Government faces clash with committee over parallel cancer inquiry

Public Accounts Committee will continue to hold hearings on CervicalCheck controversy

The PAC’s vice-chairman, Labour TD Alan Kelly, insisted that its work would continue. Photograph: Cyril Byrne

The PAC’s vice-chairman, Labour TD Alan Kelly, insisted that its work would continue. Photograph: Cyril Byrne


The Government is on a collision course with the Public Accounts Committee over PAC plans to proceed with its own inquiries into the CervicalCheck scandal while the Government-appointed scoping inquiry investigates.

The PAC has called senior Health Service Executive officials along with the Department of Health’s chief medical officer Dr Tony Holohan to appear before it on Thursday to answer questions about who knew what and when regarding the failure to disclose incorrect smear test results to women with cervical cancer.

Government sources have raised concerns about the committee carrying out a parallel investigation while the scoping inquiry chairman Dr Gabriel Scally, the British public health veteran, prepares an initial report next month and examines why cancer warnings were missed and why those misses were not notified to the women.

The belief in Government circles is that the Scally inquiry should be allowed to carry out its work and that the Oireachtas committee should not be allowed to run a parallel investigation or muscle in on Dr Scally’s work.

Work will continue

The PAC’s vice-chairman, Labour TD Alan Kelly, insisted that its work will continue.

“Any attempt by the Government to hide behind the scoping inquiry and not let the Public Accounts Committee, which by its name is about seeking accountability, will not be accepted or tolerated,” he said.

Minister for Finance Paschal Donohoe has said the Scally inquiry should be allowed to carry out its work and to submit an interim report next month.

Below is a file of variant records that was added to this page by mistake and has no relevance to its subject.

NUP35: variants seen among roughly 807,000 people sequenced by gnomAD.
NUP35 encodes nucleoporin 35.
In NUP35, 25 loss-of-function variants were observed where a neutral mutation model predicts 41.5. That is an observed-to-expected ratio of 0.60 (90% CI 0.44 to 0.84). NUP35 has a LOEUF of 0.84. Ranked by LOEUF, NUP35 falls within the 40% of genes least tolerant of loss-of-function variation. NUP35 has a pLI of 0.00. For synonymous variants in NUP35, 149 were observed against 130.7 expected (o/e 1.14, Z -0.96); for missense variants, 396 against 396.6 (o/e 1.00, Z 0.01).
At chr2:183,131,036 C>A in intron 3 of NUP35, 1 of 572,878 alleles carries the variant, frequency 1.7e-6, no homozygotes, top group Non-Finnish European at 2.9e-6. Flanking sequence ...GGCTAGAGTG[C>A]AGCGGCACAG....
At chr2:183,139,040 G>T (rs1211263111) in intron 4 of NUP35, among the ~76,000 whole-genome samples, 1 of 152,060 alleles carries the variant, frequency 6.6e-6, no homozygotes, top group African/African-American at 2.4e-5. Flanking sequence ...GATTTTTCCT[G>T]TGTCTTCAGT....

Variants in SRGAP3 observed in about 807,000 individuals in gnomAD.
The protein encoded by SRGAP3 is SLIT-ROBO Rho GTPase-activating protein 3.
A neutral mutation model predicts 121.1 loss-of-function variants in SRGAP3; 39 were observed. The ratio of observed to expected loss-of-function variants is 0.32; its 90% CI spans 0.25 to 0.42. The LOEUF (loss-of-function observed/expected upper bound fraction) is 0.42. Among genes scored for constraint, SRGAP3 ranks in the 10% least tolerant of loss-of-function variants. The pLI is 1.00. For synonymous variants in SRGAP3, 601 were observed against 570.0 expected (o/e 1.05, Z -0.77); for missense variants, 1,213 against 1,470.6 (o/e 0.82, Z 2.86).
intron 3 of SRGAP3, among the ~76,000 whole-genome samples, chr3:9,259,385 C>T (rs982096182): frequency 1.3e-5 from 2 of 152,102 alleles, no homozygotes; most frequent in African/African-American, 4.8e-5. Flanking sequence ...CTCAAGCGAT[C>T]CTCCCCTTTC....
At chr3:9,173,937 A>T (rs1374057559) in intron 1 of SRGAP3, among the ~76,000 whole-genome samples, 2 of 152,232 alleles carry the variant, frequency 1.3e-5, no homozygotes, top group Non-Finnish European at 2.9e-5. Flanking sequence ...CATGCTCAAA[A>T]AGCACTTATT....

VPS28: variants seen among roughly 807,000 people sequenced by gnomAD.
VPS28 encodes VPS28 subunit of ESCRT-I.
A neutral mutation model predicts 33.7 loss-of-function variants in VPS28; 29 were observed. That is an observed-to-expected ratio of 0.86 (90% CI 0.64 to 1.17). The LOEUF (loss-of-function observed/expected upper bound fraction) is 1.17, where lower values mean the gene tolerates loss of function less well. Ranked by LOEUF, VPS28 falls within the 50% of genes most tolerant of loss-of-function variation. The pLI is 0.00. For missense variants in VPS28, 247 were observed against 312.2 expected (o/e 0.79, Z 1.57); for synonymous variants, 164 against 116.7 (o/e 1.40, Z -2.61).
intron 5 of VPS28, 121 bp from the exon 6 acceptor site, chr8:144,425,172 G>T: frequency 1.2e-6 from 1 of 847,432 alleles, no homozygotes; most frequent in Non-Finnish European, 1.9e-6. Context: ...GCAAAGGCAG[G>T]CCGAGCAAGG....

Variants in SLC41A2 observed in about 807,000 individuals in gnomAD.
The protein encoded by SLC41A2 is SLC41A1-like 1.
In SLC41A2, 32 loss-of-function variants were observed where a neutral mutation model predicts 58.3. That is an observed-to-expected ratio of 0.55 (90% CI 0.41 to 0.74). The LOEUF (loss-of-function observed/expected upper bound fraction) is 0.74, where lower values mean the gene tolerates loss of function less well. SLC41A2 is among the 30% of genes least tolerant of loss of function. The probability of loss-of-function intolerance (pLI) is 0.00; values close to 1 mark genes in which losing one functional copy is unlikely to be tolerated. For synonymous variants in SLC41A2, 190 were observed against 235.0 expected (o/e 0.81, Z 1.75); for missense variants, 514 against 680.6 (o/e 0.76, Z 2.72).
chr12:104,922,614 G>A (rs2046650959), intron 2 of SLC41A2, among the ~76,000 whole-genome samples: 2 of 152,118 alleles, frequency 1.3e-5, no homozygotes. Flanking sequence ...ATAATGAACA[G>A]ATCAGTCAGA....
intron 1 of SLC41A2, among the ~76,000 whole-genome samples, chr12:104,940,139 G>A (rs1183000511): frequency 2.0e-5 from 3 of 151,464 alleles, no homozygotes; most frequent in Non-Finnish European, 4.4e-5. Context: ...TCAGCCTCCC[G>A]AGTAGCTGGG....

“Given the sensitivity of the matters that we are dealing with, given the health and lives of women that are at the heart of this issue, that their work should be allowed to continue and that is where we are most likely to get the key facts and answers,” Mr Donohoe told RTÉ’s This Week radio programme yesterday.

Mr Kelly chaired the committee last Thursday when it emerged that 2016 memos showed senior HSE and department officials knew that the issuing of letters informing the women about clinical audits showing that previous smear tests were incorrect were being suspended in March 2016 pending legal advice.

Mounting political pressure over the memos led to the departure of HSE director general Tony O’Brien who had earlier told the committee that he was aware of the memos.

“We have to find out if we have a functioning Department of Health and a functioning Health Service Executive. These are highly critical issues. What we find out on the Public Accounts Committee will help and embellish the work of the Scally inquiry,” Mr Kelly told The Irish Times.

The department has said Dr Holohan, the Government’s most senior adviser on health, received the memos.

Answer questions

The committee has invited CervicalCheck’s programme manager John Gleeson, who wrote one of the July 2016 memos, and Dr Stephanie O’Keeffe, the HSE’s national director of health and wellbeing on whose behalf Mr Gleeson wrote the memo, to appear before it on Thursday to answer questions.

The HSE said last night that just over 4,000 women were still awaiting returned calls from the CervicalCheck helpline set up to take calls from concerned women. In the latest figures on the activity around the helpline, the HSE said that 15,753 calls have been answered by the helpline. Some 9,925 had requested call backs and, as of yesterday, 5,849 calls had been returned.

Health officials are still trying to reach six of the 209 women affected in the controversy in cases where clinical audits showed past smear test could have provided a different result.

Fianna Fáil TD Marc McSharry yesterday asked questions of Minister for Health Simon Harris about the subcontracted use in testing smears taken in the screening programme after it emerged Medlab in Sandyford, Co Dublin, sends tests to a sister company in the UK when there is backlog at its testing facility in Dublin.

“The Minister needs to clarify how exactly this works and whether there is a different criteria applied to tests carried out in the UK or whether they are all treated the same and signed off by Irish pathologists here,” he said.